Iraq unions against oil privatization

Dec. 14, 2006 at 7:29 PM

AMMAN, Jordan, Dec. 14 (UPI) -- Five Iraqi trade union federations have condemned federal oil law negotiations for being too corporation-friendly.

The leaders of the five federations meeting in Amman released a statement Thursday urging a pause in negotiations over a law to govern Iraq's 115 billion barrels of oil reserves, the third largest in the world.

Negotiations in some form have been ongoing since the invasion of Iraq, officially and earnestly since earlier this year. News reports and comments from those familiar with the talks say privatization of some form is a major component of a draft law.

This was confirmed last week by Iraq's U.N. Ambassador Hamid Al Bayati, who told United Press International the "intention is to allow foreign companies to invest in all sectors, including oil."

"The handling of control over oil to foreign companies, whose aim is to make big profits at the expense of the Iraqi people, and to rob the national wealth, according to long-term, unfair contracts, that undermine the sovereignty of the state and the dignity of the Iraqi people" is a "red line" not to be crossed, the unions said in a joint statement.

They also shot at the context of negotiations, which happen behind closed doors and won't be made public until the Parliament votes, according to a release from the social and environmental issues group Platform.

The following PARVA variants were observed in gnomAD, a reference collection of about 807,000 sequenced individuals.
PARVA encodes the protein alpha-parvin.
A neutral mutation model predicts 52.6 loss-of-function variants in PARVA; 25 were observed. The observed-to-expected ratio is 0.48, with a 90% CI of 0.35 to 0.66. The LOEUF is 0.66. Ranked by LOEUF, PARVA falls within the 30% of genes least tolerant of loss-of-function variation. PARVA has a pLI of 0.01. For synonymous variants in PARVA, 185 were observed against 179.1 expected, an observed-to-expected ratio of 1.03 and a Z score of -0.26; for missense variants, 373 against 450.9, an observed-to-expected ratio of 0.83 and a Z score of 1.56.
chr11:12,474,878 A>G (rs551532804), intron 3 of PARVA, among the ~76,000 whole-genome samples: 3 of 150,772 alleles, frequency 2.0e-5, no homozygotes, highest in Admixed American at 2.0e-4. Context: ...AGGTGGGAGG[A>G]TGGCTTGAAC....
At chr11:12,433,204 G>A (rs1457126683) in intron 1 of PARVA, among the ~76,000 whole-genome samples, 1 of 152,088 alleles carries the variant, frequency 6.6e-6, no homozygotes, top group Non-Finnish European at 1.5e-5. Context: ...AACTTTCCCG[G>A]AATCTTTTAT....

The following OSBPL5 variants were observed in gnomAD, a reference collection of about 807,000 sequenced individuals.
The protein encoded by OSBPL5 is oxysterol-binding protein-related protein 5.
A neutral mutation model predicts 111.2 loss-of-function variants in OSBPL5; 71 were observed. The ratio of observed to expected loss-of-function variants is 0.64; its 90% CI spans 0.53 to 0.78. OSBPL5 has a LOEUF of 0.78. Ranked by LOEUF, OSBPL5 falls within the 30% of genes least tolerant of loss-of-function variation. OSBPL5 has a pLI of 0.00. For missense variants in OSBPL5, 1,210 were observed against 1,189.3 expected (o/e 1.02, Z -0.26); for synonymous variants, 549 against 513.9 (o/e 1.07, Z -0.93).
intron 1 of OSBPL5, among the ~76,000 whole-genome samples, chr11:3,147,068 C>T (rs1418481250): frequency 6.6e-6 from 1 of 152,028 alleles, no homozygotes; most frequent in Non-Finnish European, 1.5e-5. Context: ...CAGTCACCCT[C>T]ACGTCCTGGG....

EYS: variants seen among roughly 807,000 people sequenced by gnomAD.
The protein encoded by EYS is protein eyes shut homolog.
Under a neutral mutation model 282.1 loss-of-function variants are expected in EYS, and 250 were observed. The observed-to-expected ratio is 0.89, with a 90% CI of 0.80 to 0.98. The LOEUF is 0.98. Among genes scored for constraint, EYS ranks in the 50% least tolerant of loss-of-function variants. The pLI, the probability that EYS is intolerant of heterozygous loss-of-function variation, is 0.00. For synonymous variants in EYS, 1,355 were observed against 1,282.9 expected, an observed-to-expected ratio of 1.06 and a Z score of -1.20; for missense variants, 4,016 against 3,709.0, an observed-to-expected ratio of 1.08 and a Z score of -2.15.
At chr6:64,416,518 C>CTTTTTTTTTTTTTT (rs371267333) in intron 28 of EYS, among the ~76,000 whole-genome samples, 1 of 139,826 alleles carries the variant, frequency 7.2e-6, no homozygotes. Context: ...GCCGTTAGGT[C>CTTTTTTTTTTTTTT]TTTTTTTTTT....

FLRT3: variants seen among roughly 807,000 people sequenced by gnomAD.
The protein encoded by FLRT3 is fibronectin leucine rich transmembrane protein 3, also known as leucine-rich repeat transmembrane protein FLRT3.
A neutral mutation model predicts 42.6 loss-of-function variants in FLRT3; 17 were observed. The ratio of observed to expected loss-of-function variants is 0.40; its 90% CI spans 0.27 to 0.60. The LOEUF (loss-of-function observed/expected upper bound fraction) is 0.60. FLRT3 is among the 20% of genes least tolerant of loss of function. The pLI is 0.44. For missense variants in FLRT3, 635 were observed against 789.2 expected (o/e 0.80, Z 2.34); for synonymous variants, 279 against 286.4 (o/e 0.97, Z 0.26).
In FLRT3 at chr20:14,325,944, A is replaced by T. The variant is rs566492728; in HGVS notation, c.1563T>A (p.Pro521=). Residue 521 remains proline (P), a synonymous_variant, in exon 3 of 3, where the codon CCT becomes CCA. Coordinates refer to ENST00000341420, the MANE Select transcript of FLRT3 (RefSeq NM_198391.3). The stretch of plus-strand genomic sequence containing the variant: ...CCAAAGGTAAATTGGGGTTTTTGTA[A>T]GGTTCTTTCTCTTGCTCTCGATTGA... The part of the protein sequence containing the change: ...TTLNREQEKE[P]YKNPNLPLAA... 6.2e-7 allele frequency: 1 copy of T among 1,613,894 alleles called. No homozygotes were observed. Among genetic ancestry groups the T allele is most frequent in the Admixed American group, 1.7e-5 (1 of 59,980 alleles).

"This law has a lot of problems," said Hasan Jum'a, president of the Federation of Oil Unions. "It was prepared without consulting Iraqi experts, Iraqi civil society or trade unions. We reject this draft and demand more time to debate the law."

Iraq's oil law is seen as a major hurdle and step for the country:

Kurds and some Shiite factions favor more regional control than the Sunnis and other Shiites want, a major stalling factor in the talks.

But oil revenue makes up nearly all of Iraq's budget, money that could go towards improving the oil sector specifically and security in the country as a whole, along with other reconstruction.

A law is needed to decide how any of this takes place.

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